FOR IMMEDIATE RELEASE
Press Release #08-036
DOT Commissioner Sadik-Khan and Councilman Liu announce safe streets for seniors initiative for Flushing, Queens
New York City Department of Transportation (DOT) Commissioner Janette Sadik-Khan and New York City Council Transportation Committee Chairman John Liu today announced senior safety traffic improvements have been installed in Flushing, Queens as part of the DOT's citywide Safe Streets for Seniors program, which is reengineering streets citywide to reduce traffic accidents for older New Yorkers. Flushing is the second of the program's five pilot neighborhoods to launch improvements, including retiming traffic lights and pedestrian signals, and designing streets to make them safer for seniors to cross.
"Traffic fatalities in New York City are at an all-time low, but we remain ever more vigilant about our most vulnerable New Yorkers-seniors," said Department of Transportation Commissioner Janette Sadik-Khan. "Senior citizens represent only 12% of our population but they are nearly 40 percent of those killed or seriously injured in traffic accidents. The disproportion is alarming, but under our strategic plan, we are recommitted to make improve pedestrian safety."
"Our community has the highest percentage of seniors in Queens and the City's fifth largest population of residents aged 65 and older. That's why I am working proactively with the Transportation Department to develop safer and more pedestrian-friendly neighborhood streets for our seniors. Our parents and grandparents contributed their blood, sweat, and tears to build our country -- the least we can do is ensure they live with the dignity and security they deserve," said Councilman John Liu, Chairperson of the City Council's Transportation Committee, who has been a strong advocate for improving traffic safety conditions for senior citizens and worked closely with DOT on this initiative.
The focus area in Flushing includes several major corridors with boundaries of Northern Boulevard to the north, Sanford Avenue to the south, Main Street to the west and Parsons Boulevard to the east, along with a section of Kissena Boulevard extending to Holly Avenue. Improvements also included the changing of 45 signals in the area to allow more time for seniors to cross at 25 major intersections. DOT also installed sidewalk extensions that align the intersection and shorten the crossing distance for pedestrians on the northeast corner of Parsons Boulevard at Sanford Avenue and on the northwest corner of Kissena Boulevard at Elder Avenue.
At Parsons Boulevard and Northern Boulevard, DOT installed an LPI (leading pedestrian interval), which gives pedestrians a head start in the intersection before vehicles get the green light. Markings along Northern Boulevard were upgraded and some intersections received new high visibility crosswalks. DOT also installed a new signal on Northern Boulevard in the eastbound direction at Linden Place and provided a new pedestrian crosswalk.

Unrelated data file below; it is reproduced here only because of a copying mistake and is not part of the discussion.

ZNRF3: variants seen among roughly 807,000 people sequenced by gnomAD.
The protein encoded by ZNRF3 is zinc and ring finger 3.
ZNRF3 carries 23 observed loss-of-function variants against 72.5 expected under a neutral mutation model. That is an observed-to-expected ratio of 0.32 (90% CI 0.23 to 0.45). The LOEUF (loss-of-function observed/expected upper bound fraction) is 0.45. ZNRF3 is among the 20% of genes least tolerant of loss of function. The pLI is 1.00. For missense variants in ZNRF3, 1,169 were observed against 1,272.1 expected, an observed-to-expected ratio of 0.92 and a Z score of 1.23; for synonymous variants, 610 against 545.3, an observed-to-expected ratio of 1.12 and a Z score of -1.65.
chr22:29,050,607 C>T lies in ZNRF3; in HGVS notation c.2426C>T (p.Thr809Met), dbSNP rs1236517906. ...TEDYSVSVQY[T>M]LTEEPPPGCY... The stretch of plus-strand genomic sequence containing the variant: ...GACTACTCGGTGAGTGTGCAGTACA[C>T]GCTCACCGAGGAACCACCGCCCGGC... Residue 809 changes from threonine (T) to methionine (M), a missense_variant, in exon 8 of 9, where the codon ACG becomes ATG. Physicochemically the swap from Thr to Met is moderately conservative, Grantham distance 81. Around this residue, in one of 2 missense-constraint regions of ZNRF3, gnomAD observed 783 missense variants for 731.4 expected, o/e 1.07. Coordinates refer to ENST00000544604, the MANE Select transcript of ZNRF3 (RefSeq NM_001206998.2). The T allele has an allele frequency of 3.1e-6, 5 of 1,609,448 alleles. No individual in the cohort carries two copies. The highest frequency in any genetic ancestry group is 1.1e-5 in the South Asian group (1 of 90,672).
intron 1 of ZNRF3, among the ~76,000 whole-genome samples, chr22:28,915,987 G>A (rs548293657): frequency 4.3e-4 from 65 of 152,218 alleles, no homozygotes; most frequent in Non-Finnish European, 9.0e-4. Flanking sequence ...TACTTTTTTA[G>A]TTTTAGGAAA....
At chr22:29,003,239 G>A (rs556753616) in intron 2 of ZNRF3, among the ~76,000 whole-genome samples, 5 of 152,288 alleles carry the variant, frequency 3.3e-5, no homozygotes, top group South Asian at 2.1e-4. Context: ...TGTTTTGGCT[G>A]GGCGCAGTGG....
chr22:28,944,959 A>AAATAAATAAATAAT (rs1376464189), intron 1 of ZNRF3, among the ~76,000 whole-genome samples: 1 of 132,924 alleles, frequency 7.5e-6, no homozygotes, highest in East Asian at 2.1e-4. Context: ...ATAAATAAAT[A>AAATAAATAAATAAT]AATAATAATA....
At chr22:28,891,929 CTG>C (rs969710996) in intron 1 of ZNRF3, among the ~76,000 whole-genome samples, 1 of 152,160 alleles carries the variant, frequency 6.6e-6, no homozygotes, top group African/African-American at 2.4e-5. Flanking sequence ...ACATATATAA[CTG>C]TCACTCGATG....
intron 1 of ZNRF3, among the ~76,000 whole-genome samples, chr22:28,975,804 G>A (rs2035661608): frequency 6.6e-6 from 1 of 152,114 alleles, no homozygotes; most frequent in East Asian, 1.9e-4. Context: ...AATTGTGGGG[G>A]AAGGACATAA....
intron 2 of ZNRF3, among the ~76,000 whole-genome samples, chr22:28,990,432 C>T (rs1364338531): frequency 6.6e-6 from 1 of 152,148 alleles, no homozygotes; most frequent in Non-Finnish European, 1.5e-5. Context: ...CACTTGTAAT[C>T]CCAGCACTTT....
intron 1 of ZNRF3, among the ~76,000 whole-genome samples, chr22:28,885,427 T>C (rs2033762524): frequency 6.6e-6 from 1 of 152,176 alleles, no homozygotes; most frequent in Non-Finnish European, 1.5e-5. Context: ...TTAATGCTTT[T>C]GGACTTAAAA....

Further improvements for the Flushing Safe Streets for Seniors project include the installation of a painted median on Colden Street from Elder Avenue to Franklin Avenue to narrow the roadway and slow traffic. A concrete median tip on Northern Boulevard at Bowne Street was also installed for pedestrian protection. DOT also calmed traffic on Bowne Street by narrowing the road from Sanford Avenue to Northern Boulevard with a channelized median, left turn bays and pedestrian refuge islands. DOT placed these islands at areas where crashes involving senior pedestrians had occurred.
A few more components of the Flushing project await completion. Enhancements at the intersection of Main Street and Kissena Blvd. are expected to be completed by the end of October.
Since 1990, pedestrian fatalities in New York City have decreased by 62%, but senior citizens remain a particularly vulnerable group. A study of pedestrian fatalities from 2002 to 2006 showed that senior citizens-those 65 and over-made up about 12% of the City's population but were involved in nearly 39% of the City's fatal pedestrian accidents. Because New York City's senior population is expected to increase significantly in the next 25 years, DOT examined accident histories across the city and identified 25 city neighborhoods that have both a high density of senior citizens and a high number of pedestrian accidents or injuries, looking at variables like visibility, lighting, drivers' compliance with traffic and pedestrian signals and the width of the roadway.
DOT announced the pilot improvements for Safe Streets for Seniors in January 2008 in Brighton Beach, Brooklyn, where DOT retimed traffic lights and pedestrian signals, replaced signs replaced and installed improved pedestrian refuge islands to make crossings safer. Roads were narrowed to calm traffic and defective sidewalks and ramps in the area were reconstructed to reduce tripping hazards for seniors.
Three other 2008 pilot areas include the Lower East Side in Manhattan, Fordham/University Heights in the Bronx and New Dorp/Hylan Boulevard on Staten Island. In the longer term, DOT will address an additional 20 Senior Pedestrian Focus Areas citywide.
The DOT will provide an extensive public education program for older adults in conjunction with its study of Flushing streets and every other neighborhood in the Safe Streets for Seniors program. DOT is also taking aggressive strategies in Queens beyond Flushing, including making safety improvements along Parsons and Woodhaven boulevards, creating a step street in Astoria and making traffic calming improvements in Sunnyside.